Thom'as (θωμᾶς), one of the twelve apostles. A.D. 27-29.
1. His Name. —This is evidently a Graecized form of the Aramaic תּאֹמָא, Tomd, which means the twin; and so it is translated in Joh 11:16; Joh 20:24; Joh 21:2, ὁ Δί δυμος, which has passed into a name, Didymus (q.v.). This name occurs also on Phoenician inscriptions in a form which reminds us of the colloquial English abbreviation, viz. תאום and תאם (Gesenius, Monumenta, "p. 356). In Heb. also (Song 7:4) it is simply תּאֹם, feom, almost exactly our "Tom." The frequency of the name in England is derived not from the apostle, but from St. Thomas of Canterbury. Out of the signification of this name has grown the tradition that he had a twin-sister, Lysia (Patres Apost. p. 272), or that he was a twin-brother of our Lord (Thilo, Acta Thomae, p. 94); which last, again, would confirm his identification with Jude (comp. Mt 13:55), with whom Eusebius expressly identifies him (Hist. Eccles. 1, 13; so also the Acta Thomae). This may have been a mere confusion with Thaddaeus (q.v.), who is mentioned in the extract. But it may also be that Judas was his real name, and that Thomas was a surname.
2. History and Character from the New Test. —(We here chiefly adopt Stanley's art. in Smith's Dict. of the Bible). In the catalogue of the apostles he is coupled with Matthew in Mt 10:3; Mark 3, 18; Lu 6:15; and with Philip in Ac 1; Ac 13.
All that we know of him is derived from the Gospel of John; and this amounts to three traits, which, however, so exactly agree together that, slight as they are, they place his character before us with a, precision which belongs to no other of the twelve apostles, except Peter, John, and Judas Iscariot. This character is that of a man slow to believe, seeing all the difficulties of a case, subject to despondency, viewing things on the darker side, and yet full of ardent love for his Master (see Niemeyer, Charakt. 1, 108).
(a.) The first trait is found in his speech when our Lord determined to face the dangers that awaited him in Judaea on his journey to Bethany. Thomas said to his fellow-disciples, "Let us also go (καὶ ἡμεῖς), that wee may die with him" (Joh 11:16). He entertained no hope of his escape-he looked on the journey as leading to total ruin; but he determined to share the peril. "Though he slay me, yet will I trust in him."
(b.) The second occurs in his speech during the last supper: "Thomas saith unto him, Lord, we know not whither thou goest; and how can we know the way?" (Joh 14:5). It was the prosaic, incredulous doubt as to moving a step in the unseen future, and yet an eager inquiry to know how this step was to be taken.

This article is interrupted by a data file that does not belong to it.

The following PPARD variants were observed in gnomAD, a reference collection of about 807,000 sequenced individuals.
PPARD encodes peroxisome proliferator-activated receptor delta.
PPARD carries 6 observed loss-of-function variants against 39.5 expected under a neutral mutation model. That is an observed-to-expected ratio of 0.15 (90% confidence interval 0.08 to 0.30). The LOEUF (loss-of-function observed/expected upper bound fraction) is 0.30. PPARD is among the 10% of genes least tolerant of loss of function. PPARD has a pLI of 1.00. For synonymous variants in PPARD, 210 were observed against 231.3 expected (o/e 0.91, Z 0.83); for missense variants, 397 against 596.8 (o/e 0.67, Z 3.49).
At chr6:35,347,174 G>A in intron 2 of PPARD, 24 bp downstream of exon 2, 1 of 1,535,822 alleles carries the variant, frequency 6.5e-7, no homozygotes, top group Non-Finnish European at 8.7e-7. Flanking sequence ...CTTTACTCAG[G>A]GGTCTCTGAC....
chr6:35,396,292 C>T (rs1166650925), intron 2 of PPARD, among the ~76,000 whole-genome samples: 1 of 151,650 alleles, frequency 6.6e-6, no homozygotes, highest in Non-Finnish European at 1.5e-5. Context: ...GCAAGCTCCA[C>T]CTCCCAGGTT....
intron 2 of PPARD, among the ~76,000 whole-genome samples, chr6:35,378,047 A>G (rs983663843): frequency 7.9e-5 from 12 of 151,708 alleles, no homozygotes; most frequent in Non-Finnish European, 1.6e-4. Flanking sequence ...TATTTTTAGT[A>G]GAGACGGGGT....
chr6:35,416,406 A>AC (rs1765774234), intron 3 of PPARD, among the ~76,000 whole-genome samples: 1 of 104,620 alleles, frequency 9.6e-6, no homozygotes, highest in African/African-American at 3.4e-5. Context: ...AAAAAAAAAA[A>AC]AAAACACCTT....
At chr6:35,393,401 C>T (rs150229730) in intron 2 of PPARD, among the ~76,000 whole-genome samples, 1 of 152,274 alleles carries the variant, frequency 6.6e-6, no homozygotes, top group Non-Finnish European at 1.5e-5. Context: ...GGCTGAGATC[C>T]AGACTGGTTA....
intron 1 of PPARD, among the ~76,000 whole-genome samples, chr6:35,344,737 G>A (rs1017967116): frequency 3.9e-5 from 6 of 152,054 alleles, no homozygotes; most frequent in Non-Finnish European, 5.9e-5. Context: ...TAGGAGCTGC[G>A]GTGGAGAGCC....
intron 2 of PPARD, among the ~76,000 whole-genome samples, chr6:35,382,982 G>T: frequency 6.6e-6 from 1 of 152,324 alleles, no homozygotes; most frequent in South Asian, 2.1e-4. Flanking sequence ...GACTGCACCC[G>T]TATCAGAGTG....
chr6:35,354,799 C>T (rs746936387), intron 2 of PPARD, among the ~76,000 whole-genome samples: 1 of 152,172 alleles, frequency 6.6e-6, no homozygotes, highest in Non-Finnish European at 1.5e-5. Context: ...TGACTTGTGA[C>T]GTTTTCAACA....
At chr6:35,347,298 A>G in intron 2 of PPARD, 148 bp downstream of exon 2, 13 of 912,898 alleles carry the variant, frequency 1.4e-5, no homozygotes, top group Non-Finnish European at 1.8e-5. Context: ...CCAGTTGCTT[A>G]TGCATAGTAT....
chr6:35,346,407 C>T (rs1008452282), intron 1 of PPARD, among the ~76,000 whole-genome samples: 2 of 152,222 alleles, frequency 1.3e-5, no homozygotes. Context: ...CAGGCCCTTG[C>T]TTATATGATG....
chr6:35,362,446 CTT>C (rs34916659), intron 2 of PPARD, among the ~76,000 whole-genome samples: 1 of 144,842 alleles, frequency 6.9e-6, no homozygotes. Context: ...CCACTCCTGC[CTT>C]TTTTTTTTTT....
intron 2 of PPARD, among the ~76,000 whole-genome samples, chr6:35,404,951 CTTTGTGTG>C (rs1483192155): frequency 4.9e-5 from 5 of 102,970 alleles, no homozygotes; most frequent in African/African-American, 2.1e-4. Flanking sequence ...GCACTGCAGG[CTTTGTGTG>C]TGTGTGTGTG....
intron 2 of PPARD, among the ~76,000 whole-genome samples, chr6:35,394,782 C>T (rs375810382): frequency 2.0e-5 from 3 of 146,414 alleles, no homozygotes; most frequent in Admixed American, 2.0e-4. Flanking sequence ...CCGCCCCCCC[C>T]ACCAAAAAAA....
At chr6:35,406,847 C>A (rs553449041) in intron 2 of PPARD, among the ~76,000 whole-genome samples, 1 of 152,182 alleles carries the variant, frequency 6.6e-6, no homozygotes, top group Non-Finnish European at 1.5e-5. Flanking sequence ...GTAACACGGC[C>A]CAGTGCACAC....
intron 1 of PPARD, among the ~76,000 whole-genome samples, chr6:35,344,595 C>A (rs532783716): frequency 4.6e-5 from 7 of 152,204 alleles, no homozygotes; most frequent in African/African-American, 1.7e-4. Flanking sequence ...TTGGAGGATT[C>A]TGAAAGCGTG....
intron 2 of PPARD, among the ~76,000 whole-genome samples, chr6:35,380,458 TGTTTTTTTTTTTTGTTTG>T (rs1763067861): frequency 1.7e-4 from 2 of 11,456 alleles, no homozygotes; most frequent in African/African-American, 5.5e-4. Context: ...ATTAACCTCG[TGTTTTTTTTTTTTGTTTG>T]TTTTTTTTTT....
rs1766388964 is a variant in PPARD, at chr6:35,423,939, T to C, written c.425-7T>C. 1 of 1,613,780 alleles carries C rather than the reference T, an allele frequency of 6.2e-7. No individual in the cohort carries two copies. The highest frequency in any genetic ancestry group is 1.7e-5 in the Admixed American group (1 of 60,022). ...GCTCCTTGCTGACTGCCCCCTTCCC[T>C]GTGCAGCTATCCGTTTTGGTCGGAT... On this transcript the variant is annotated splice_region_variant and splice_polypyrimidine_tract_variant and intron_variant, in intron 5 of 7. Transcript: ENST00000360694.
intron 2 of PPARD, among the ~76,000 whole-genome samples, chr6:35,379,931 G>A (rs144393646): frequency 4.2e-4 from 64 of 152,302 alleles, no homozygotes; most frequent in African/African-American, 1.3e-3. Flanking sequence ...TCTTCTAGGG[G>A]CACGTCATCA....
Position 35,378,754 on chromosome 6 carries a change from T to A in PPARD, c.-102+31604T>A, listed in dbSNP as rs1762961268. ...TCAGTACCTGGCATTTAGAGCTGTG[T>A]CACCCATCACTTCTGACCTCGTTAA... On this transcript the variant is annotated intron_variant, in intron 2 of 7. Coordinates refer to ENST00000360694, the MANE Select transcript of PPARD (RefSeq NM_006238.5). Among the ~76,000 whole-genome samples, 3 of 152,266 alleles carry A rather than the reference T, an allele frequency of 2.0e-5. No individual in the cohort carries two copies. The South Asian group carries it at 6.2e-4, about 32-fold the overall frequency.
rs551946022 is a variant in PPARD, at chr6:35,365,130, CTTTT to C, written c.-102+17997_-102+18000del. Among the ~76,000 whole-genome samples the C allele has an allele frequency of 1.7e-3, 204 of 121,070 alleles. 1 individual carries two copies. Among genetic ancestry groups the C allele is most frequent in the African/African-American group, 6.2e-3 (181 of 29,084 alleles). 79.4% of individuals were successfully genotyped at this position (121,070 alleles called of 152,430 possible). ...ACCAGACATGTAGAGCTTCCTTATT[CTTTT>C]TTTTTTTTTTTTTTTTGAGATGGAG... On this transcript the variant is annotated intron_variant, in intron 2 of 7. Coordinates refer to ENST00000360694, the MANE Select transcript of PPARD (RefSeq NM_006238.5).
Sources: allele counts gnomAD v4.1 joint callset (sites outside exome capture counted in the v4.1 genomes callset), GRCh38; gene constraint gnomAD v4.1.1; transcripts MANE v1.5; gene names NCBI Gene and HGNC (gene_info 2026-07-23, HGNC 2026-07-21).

(c.) The third was after the resurrection. He was absent-possibly by accident, perhaps characteristically from the first assembly when Jesus had appeared. The others told him what they had seen. He broke forth into an exclamation, the terms of which convey to us at once the vehemence of his doubt, and, at the same time, the vivid picture that his mind retained of his Master's form as he had last seen him lifeless on the cross: "Except I see in his hands the print of the nails, and put my finger into the print of the nails, and thrust my hand into his side, I will not, I cannot, believe" (οὐ μὴ πιστεύσω, Joh 20:25). On the eighth day he was with them at their gathering, perhaps in expectation of a recurrence of the visit of the previous week; and Jesus stood among them. He pronounced the same salutation, "Peace be unto you;" and then, turning to Thomas, as if this had been the special object of his appearance, uttered the words which convey as strongly the sense of condemnation and tender reproof as those of Thomas had shown the sense of hesitation and doubt: "Bring: thy finger hither [ωδε as if himself pointing to his wounds] and see my hands; and bring thy hand and thrust it in my side; and do not become (μὴ γίνου) unbelieving (ἄπιστος), but believing (πιστός)." "He answers to the words that Thomas had spoken to the ears of his fellow-disciples only; but it is to the thought of his heart rather than to the words of his lips that the Searcher of hearts answers. Eye, ear, and touch at once appealed to and at once satisfied-the form, the look, the voice, the solid and actual body: and not the senses only, but the mind satisfied too; the knowledge that searches the very reins and the hearts; the love that loveth to the end, infinite and eternal" (Arnold, Serm. 6:238). The effect on Thomas is immediate. It is useless to speculate whether he obeyed our Lord's invitation to examine the wounds. The impression is that he did not. Be that as it may, the conviction produced by the removal of his doubt became deeper and stronger than that of any of the other apostles. The words in which he expressed his belief contain a far higher assertion of his Master's divine nature than is contained in any other expression used by apostolic lips, "My Lord, and my God f Some have supposed that κύριος refers to the human θεός to the divine nature. 'This is too artificial. 'It is more to the point to observe the exact terms of the sentence, uttered, as it were, in astonished awe. "It is, then, my Lord and my God!" (It is obviously of no dogmatic importance whether the words are an address or a description. That they are the latter appears from the use of the nominative ὁ κύριος. The form ὁ θεός proves nothing, as this is used for the vocative. At the same time, it should be observed that the passage is said to Christ, ειπεν αὐτῶ.) The word "my" gives it a personal application to himself. Additional emphasis is given to this declaration from its being the last incident related in the direct narrative of the gospel (before the supplement of ch. 21), thus corresponding to the opening words of the prologue. '"Thus Christ was acknowledged on earth to be what John had in the beginning of his gospel declared him to be from all eternity; and the words of Thomas at the end of the twentieth chapter do but repeat the truth which John had stated before in his own words at the beginning of the first" (Arnold, Serm. 6:401). The answer of our Lord sums up the moral of the whole narrative: "Because ["Thomas" (θῶμα) is omitted in the best MSS.] thou hast seen me, thou hast believed: blessed are they that have not seen me, and yet have believed" (20, 29). By this incident, therefore, Thomas, "the doubting apostle," is raised at once to the theologian in the original sense of the word. "Ab eo dubitatum est," says Augustine, "ne a nobis dubitaretur." Winer and others find in the character of Thomas what they consider contradictory traits, viz. inconsiderate faith and a turn for exacting the most rigorous evidence. We find that a resolute and lively faith is always necessarily combined with a sense of its importance, and with a desire to keep its objects unalloyed and free from error and superstition. Christ himself did not blame Thomas for availing himself of all possible evidence, but only pronounced those blessed who would be open to conviction even if some external form of evidence should not be within their reach (comp.